However, from what we understand, this is more a by-product of the companies (both Element AI and its customers) wishing to keep involvement quiet for competitive and other reasons; and in fact there are apparently a number of large enterprises that are building and deploying long-term products working with the startup. We have also been told big investors in this latest round (specifically McKinsey) are bringing in customers of their own by way of this deal, expanding that list. Total bookings are a “significant double digit million number” at the moment.
“With this transaction, we are investing capital and expertise alongside partners who are ideally suited to transform Element AI into a company with a commercial focus that anticipates and creates AI products to address clients’ needs,” said Charles Émond, EVP and head of Québec Investments and Global Strategic Planning at la Caisse, in a statement. CDPQ launched an AI Fund this year and this is coming out of that fund to help export more of the AI tech and IP that has been incubated and developed in the region. “Through this fund, la Caisse wants to actively contribute to build and strengthen Québec’s global presence in artificial intelligence.”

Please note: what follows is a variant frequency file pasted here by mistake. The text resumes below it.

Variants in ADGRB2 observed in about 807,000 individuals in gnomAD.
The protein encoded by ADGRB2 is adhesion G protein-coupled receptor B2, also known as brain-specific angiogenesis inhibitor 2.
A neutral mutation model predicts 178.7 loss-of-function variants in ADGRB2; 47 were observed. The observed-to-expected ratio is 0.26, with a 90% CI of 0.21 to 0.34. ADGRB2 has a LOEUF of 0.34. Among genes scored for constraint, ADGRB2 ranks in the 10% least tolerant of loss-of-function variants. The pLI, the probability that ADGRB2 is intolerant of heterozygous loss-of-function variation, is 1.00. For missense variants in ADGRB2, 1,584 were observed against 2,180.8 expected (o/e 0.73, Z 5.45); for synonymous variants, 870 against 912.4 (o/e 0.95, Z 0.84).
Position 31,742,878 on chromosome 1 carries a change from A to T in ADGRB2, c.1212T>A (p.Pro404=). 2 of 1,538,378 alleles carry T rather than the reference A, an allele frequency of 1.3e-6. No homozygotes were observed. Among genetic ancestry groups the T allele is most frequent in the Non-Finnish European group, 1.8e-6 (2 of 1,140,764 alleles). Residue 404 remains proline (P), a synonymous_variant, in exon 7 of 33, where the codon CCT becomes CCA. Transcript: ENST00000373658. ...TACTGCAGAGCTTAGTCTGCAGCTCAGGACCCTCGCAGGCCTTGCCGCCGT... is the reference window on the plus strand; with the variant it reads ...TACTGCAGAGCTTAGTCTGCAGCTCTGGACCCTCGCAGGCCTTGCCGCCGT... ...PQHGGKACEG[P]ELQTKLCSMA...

Management consultancies like McKinsey would be obvious competitors to Element AI, but in fact, they are turning out to be customer pipelines, as traditional system integrators also often lack the deeper expertise needed in newer areas of computing. (And that’s even considering that McKinsey itself has been investing in building its own capabilities, for example through its acquisition of the analytics firm QuantumBlack.
“For McKinsey, this investment is all about helping our clients to further unlock the potential of AI and Machine Learning to improve business performance,” said Patrick Lahaie, senior partner and Montreal managing partner for McKinsey & Company, in a statement. “We look forward to collaborating closely with the talented team at Element AI in Canada and globally in our shared objective to turn cutting-edge thinking and technology into AI assets which will transform a wide range of industries and sectors. This investment fits into McKinsey’s long-term AI strategy, including the 2015 acquisition of QuantumBlack, which has grown substantially since then and will spearhead the collaboration with Element AI on behalf of our Firm.”
Anti-fraud startup Shape Security has tipped over the $1 billion valuation mark following its latest Series F round of $51 million.
The Mountain View, Calif.-based company announced the fundraise Thursday, bringing the total amount of outside investment to $173 million since the company debuted in 2011.